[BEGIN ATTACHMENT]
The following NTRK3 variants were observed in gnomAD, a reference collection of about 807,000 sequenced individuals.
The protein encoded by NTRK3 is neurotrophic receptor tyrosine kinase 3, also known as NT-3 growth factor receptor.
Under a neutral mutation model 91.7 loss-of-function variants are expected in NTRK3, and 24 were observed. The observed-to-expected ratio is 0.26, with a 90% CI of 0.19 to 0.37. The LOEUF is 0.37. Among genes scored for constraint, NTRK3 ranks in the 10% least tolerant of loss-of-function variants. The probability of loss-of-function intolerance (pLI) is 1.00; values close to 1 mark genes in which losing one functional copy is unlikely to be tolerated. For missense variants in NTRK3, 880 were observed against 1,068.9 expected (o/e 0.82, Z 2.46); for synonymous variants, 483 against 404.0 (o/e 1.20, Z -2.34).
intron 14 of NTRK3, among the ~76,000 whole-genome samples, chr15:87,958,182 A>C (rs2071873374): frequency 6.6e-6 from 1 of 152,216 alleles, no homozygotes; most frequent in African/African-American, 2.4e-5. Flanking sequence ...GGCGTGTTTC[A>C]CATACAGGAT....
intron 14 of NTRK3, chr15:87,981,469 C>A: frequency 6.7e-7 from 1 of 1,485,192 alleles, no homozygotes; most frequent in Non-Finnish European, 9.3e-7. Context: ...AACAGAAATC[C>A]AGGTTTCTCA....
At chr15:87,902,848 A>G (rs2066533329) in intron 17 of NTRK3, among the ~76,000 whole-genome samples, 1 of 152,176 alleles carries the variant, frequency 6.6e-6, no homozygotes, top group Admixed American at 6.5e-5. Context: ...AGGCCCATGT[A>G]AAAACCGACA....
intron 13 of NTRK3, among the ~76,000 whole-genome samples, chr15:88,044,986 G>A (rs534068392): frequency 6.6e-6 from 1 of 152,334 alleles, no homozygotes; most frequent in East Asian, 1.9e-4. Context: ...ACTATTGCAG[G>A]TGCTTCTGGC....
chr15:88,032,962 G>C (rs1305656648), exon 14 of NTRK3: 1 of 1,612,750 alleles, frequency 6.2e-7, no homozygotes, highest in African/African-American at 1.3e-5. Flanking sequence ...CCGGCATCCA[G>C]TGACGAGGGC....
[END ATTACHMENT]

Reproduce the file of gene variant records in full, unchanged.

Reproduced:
The following NTRK3 variants were observed in gnomAD, a reference collection of about 807,000 sequenced individuals.
The protein encoded by NTRK3 is neurotrophic receptor tyrosine kinase 3, also known as NT-3 growth factor receptor.
Under a neutral mutation model 91.7 loss-of-function variants are expected in NTRK3, and 24 were observed. The observed-to-expected ratio is 0.26, with a 90% CI of 0.19 to 0.37. The LOEUF is 0.37. Among genes scored for constraint, NTRK3 ranks in the 10% least tolerant of loss-of-function variants. The probability of loss-of-function intolerance (pLI) is 1.00; values close to 1 mark genes in which losing one functional copy is unlikely to be tolerated. For missense variants in NTRK3, 880 were observed against 1,068.9 expected (o/e 0.82, Z 2.46); for synonymous variants, 483 against 404.0 (o/e 1.20, Z -2.34).
intron 14 of NTRK3, among the ~76,000 whole-genome samples, chr15:87,958,182 A>C (rs2071873374): frequency 6.6e-6 from 1 of 152,216 alleles, no homozygotes; most frequent in African/African-American, 2.4e-5. Flanking sequence ...GGCGTGTTTC[A>C]CATACAGGAT....
intron 14 of NTRK3, chr15:87,981,469 C>A: frequency 6.7e-7 from 1 of 1,485,192 alleles, no homozygotes; most frequent in Non-Finnish European, 9.3e-7. Context: ...AACAGAAATC[C>A]AGGTTTCTCA....
At chr15:87,902,848 A>G (rs2066533329) in intron 17 of NTRK3, among the ~76,000 whole-genome samples, 1 of 152,176 alleles carries the variant, frequency 6.6e-6, no homozygotes, top group Admixed American at 6.5e-5. Context: ...AGGCCCATGT[A>G]AAAACCGACA....
intron 13 of NTRK3, among the ~76,000 whole-genome samples, chr15:88,044,986 G>A (rs534068392): frequency 6.6e-6 from 1 of 152,334 alleles, no homozygotes; most frequent in East Asian, 1.9e-4. Context: ...ACTATTGCAG[G>A]TGCTTCTGGC....
chr15:88,032,962 G>C (rs1305656648), exon 14 of NTRK3: 1 of 1,612,750 alleles, frequency 6.2e-7, no homozygotes, highest in African/African-American at 1.3e-5. Flanking sequence ...CCGGCATCCA[G>C]TGACGAGGGC....